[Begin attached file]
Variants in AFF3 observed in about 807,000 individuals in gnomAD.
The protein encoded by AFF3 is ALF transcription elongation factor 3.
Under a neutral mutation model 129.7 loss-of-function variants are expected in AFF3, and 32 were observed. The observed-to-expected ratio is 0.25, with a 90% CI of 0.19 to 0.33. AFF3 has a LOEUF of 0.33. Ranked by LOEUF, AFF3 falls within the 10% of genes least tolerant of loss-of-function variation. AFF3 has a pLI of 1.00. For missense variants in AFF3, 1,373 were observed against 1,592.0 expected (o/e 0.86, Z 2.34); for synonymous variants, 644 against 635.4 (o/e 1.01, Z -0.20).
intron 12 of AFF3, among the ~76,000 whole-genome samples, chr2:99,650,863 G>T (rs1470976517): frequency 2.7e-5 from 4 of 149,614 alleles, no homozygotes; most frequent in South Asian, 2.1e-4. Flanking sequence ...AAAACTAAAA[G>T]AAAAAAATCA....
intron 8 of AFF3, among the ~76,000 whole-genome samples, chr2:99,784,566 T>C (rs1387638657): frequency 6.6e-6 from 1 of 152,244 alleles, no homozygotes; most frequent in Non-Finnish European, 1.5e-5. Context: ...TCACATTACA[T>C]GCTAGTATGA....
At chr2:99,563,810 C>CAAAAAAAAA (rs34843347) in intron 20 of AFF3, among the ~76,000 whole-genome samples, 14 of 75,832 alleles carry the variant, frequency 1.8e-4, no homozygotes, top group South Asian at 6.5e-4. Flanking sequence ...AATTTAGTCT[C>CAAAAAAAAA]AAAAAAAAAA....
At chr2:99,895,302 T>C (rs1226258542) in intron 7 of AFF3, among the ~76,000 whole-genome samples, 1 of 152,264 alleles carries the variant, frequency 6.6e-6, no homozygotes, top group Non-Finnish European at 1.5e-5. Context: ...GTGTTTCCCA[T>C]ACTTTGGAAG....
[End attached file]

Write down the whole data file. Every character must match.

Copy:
Variants in AFF3 observed in about 807,000 individuals in gnomAD.
The protein encoded by AFF3 is ALF transcription elongation factor 3.
Under a neutral mutation model 129.7 loss-of-function variants are expected in AFF3, and 32 were observed. The observed-to-expected ratio is 0.25, with a 90% CI of 0.19 to 0.33. AFF3 has a LOEUF of 0.33. Ranked by LOEUF, AFF3 falls within the 10% of genes least tolerant of loss-of-function variation. AFF3 has a pLI of 1.00. For missense variants in AFF3, 1,373 were observed against 1,592.0 expected (o/e 0.86, Z 2.34); for synonymous variants, 644 against 635.4 (o/e 1.01, Z -0.20).
intron 12 of AFF3, among the ~76,000 whole-genome samples, chr2:99,650,863 G>T (rs1470976517): frequency 2.7e-5 from 4 of 149,614 alleles, no homozygotes; most frequent in South Asian, 2.1e-4. Flanking sequence ...AAAACTAAAA[G>T]AAAAAAATCA....
intron 8 of AFF3, among the ~76,000 whole-genome samples, chr2:99,784,566 T>C (rs1387638657): frequency 6.6e-6 from 1 of 152,244 alleles, no homozygotes; most frequent in Non-Finnish European, 1.5e-5. Context: ...TCACATTACA[T>C]GCTAGTATGA....
At chr2:99,563,810 C>CAAAAAAAAA (rs34843347) in intron 20 of AFF3, among the ~76,000 whole-genome samples, 14 of 75,832 alleles carry the variant, frequency 1.8e-4, no homozygotes, top group South Asian at 6.5e-4. Flanking sequence ...AATTTAGTCT[C>CAAAAAAAAA]AAAAAAAAAA....
At chr2:99,895,302 T>C (rs1226258542) in intron 7 of AFF3, among the ~76,000 whole-genome samples, 1 of 152,264 alleles carries the variant, frequency 6.6e-6, no homozygotes, top group Non-Finnish European at 1.5e-5. Context: ...GTGTTTCCCA[T>C]ACTTTGGAAG....